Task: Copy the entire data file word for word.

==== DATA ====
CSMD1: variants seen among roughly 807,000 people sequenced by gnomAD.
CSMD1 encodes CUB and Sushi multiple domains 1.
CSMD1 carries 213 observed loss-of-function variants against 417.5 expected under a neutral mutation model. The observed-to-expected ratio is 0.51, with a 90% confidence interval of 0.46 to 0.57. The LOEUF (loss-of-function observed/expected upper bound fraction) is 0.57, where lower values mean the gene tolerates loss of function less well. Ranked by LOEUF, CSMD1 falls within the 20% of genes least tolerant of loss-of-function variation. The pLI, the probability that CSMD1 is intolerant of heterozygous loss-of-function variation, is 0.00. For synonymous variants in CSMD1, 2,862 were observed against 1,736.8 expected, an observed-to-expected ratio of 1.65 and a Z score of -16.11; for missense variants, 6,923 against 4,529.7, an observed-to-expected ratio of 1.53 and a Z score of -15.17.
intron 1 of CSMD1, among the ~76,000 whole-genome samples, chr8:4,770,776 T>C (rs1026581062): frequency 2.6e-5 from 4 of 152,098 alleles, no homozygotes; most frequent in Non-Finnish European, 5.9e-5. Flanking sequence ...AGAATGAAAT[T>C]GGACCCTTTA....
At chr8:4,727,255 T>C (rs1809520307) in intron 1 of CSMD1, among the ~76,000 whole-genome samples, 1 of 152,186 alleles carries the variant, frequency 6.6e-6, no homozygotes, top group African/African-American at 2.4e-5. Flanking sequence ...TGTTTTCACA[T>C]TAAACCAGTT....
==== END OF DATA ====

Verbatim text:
CSMD1: variants seen among roughly 807,000 people sequenced by gnomAD.
CSMD1 encodes CUB and Sushi multiple domains 1.
CSMD1 carries 213 observed loss-of-function variants against 417.5 expected under a neutral mutation model. The observed-to-expected ratio is 0.51, with a 90% confidence interval of 0.46 to 0.57. The LOEUF (loss-of-function observed/expected upper bound fraction) is 0.57, where lower values mean the gene tolerates loss of function less well. Ranked by LOEUF, CSMD1 falls within the 20% of genes least tolerant of loss-of-function variation. The pLI, the probability that CSMD1 is intolerant of heterozygous loss-of-function variation, is 0.00. For synonymous variants in CSMD1, 2,862 were observed against 1,736.8 expected, an observed-to-expected ratio of 1.65 and a Z score of -16.11; for missense variants, 6,923 against 4,529.7, an observed-to-expected ratio of 1.53 and a Z score of -15.17.
intron 1 of CSMD1, among the ~76,000 whole-genome samples, chr8:4,770,776 T>C (rs1026581062): frequency 2.6e-5 from 4 of 152,098 alleles, no homozygotes; most frequent in Non-Finnish European, 5.9e-5. Flanking sequence ...AGAATGAAAT[T>C]GGACCCTTTA....
At chr8:4,727,255 T>C (rs1809520307) in intron 1 of CSMD1, among the ~76,000 whole-genome samples, 1 of 152,186 alleles carries the variant, frequency 6.6e-6, no homozygotes, top group African/African-American at 2.4e-5. Flanking sequence ...TGTTTTCACA[T>C]TAAACCAGTT....